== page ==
WPC works to prevent the Oregon spotted frog from disappearing by building the wild populations in British Columbia, and studying the species to learn more about what is impacting these frogs. After a decline in breeding individuals of the Oregon spotted frog, Wildlife Preservation Canada began coordinating efforts in 2010 with the Greater Vancouver Zoo to build a recovery plan, and began breeding the frogs and releasing them to restored habitat.  Our team spends a great deal of time with the frogs, and monitor them as they transform from egg, to tadpole, to adult – and hopefully continue the process in the wild! 

How much do you know about frogs and tadpoles? Frogs and tadpoles are both the same creature, yet look vastly different and play different roles in their ecosystem.

Why do frogs go through this profound transformation, called metamorphis? 

The mystery of the tail

A question I get asked as a conservationist working with frogs is, what happens to their tail? Tadpoles sport an impressive tail that they use for movement in the water. Fogs and froglets do not have that same tail, so where does it go?

Many people’s initial thought is that the tail falls off. This is an understandable assumption, especially when many similar looking animals like lizards drop their tails for self-defence. However, this is not the case with frogs. As a tadpole goes through certain stages of metamorphosis it can’t eat anything at all and it absorbs its tail for nutrition. Let’s explore this further!

Munch, crunch, and lunch – The tadpole’s culinary journey

The diet and even feeding methods of tadpoles and frogs are very different.

Tadpoles are herbaceous filter feeders, they scrape algae off of surfaces and use specialised mouthparts called “oral discs”.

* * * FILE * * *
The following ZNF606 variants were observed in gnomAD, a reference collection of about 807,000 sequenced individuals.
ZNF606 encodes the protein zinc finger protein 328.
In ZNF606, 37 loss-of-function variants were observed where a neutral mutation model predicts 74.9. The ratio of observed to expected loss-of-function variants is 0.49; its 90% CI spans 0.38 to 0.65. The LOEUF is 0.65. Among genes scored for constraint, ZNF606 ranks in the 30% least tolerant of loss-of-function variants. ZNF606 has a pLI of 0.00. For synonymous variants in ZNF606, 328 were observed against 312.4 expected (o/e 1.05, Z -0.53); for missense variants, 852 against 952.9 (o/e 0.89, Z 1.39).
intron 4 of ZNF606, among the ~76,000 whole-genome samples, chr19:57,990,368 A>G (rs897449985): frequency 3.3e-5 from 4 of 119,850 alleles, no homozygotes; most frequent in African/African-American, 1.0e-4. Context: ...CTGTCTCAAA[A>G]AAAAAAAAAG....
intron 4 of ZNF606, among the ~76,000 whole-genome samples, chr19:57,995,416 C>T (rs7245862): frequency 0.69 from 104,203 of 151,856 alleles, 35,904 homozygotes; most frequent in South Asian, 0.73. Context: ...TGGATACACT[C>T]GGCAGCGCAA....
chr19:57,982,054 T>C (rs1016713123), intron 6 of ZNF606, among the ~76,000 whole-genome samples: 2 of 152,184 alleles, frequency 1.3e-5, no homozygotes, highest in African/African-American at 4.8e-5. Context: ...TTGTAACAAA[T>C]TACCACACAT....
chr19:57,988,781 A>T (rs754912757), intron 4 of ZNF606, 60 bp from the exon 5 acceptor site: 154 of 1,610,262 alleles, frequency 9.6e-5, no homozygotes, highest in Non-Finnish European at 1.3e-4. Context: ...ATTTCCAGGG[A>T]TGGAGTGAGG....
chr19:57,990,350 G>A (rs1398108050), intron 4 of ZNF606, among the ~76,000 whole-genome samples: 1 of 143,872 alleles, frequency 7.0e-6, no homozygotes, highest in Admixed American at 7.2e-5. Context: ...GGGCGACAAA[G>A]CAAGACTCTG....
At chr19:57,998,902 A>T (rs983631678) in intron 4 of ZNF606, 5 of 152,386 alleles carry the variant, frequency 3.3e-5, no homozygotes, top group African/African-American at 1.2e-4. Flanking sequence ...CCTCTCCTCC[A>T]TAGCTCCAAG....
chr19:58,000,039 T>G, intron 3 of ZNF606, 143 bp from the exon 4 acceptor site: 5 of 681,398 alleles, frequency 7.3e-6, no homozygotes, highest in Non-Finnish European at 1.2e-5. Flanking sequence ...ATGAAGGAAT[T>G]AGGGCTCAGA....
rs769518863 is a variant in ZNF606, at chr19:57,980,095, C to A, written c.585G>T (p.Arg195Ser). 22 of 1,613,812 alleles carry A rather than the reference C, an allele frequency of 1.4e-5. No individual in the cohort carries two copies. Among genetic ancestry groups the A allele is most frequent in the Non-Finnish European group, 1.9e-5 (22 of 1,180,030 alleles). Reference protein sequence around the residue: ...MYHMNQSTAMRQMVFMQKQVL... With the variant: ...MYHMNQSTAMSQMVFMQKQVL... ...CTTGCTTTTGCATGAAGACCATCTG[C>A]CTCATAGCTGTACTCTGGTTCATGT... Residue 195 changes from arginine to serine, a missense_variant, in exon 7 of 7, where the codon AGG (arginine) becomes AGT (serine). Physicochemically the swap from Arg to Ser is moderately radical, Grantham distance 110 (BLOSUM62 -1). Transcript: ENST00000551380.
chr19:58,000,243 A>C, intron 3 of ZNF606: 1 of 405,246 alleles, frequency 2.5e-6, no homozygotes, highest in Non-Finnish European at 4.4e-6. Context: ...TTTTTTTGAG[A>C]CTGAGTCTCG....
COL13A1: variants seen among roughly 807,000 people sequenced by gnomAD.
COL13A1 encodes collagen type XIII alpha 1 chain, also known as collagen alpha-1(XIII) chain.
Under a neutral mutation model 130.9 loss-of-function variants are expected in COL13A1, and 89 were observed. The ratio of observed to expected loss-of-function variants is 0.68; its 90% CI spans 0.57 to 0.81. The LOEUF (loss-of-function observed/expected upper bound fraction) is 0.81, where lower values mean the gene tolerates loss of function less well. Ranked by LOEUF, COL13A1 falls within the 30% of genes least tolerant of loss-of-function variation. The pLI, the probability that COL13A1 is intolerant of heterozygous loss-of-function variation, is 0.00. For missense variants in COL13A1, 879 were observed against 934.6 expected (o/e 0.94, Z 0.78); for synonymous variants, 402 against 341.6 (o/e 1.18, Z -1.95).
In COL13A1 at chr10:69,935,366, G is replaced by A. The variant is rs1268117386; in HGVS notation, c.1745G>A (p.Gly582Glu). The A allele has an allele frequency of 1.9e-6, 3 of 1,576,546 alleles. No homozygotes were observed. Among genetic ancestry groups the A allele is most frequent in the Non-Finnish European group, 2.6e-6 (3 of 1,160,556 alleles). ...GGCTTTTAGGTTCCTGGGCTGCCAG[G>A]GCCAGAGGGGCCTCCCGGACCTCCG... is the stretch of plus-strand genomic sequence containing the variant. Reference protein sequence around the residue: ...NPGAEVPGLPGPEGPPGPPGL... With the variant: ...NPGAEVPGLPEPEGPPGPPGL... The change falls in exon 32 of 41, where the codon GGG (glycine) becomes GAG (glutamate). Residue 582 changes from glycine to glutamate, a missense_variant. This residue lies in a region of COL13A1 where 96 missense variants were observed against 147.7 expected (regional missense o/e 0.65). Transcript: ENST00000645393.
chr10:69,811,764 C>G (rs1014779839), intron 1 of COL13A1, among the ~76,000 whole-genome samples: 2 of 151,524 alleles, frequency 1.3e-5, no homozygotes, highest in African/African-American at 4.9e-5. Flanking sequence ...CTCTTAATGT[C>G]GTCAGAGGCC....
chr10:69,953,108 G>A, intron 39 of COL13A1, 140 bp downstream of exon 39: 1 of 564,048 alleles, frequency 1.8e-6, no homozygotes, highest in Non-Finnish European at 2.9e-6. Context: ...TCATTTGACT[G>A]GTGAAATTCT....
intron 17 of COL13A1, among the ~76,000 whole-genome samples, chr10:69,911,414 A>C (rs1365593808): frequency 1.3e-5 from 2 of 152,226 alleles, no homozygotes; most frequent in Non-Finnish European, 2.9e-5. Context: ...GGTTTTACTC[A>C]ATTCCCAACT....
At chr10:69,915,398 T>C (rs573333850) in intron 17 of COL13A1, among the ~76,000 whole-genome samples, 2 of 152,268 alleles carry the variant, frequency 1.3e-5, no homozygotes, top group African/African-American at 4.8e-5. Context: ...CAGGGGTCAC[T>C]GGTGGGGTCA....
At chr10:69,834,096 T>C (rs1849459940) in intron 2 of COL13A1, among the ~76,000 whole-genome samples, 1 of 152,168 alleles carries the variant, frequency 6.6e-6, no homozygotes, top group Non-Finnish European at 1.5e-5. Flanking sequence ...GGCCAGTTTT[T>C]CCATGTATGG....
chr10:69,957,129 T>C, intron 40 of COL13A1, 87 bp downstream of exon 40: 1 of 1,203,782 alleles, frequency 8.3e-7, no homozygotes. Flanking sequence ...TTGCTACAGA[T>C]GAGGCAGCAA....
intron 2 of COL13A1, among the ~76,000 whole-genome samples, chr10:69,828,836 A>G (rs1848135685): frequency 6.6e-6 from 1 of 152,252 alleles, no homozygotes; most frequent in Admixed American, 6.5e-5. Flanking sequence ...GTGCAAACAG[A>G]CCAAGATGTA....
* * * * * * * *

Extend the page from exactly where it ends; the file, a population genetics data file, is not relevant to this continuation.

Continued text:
Frogs, on the other hand, are carnivores. Their diet consists of insects, spiders, small fish, worms, and some even eat other frogs! The digestive system for tadpoles is suited for plant matter but it needs to change in order to digest animal proteins when it becomes a frog. As you can imagine this major change takes some time. They can’t eat anything during that crucial stage.

From Gill to Gasp and Other Internal Changes

Tadpoles are true aquanauts! They rely on gills for breathing underwater, but their future froggy selves have other plans. As the tadpole matures, it starts developing lungs to breathe fresh air.

A tadpoles musculoskeletal system must also change. Tadpoles have a simple body structure suited for swimming, but as they become frogs, they develop a more complex musculoskeletal system to support jumping and other terrestrial activities.

Tadpoles excrete ammonia as waste, which is suitable for an aquatic environment, because it easily dissolves in water. As frogs become terrestrial, they develop a more complex urinary system, including functional kidneys, to excrete waste as urea, which conserves water more effectively.

Why go through metamorphosis?

Why go through all the effort, trouble and risk to metamorphosize and  be a frog?

Metamorphosis allows organisms to fill different roles or niches. Participating in metamorphosis allows organisms of the same species to avoid competition for resources between different life stages and serves various ecological functions in the ecosystem. Metamorphosis allows frogs to thrive in different habitats during different life stages. They start their life cycle in the water as tadpoles, where they can take advantage of aquatic resources, and then transition to a terrestrial lifestyle as adults, enabling them to explore a wider range of ecological niches.

Can you think of another organism that undergoes metamorphosis ?

Hint: It’s another one of our animals in a recovery program at the Greater Vancouver Zoo.

Rajdeep Singh

Conservation Technican, BC Conservation

Raj has been part of the WPC team for two seasons, contributing to the captive breeding program at the Greater Vancouver Zoo. He enjoys being directly involved with animals and educating the public. Currently, Raj is in his third year at the University of British Columbia, working towards a degree in Natural Resource Conservation.

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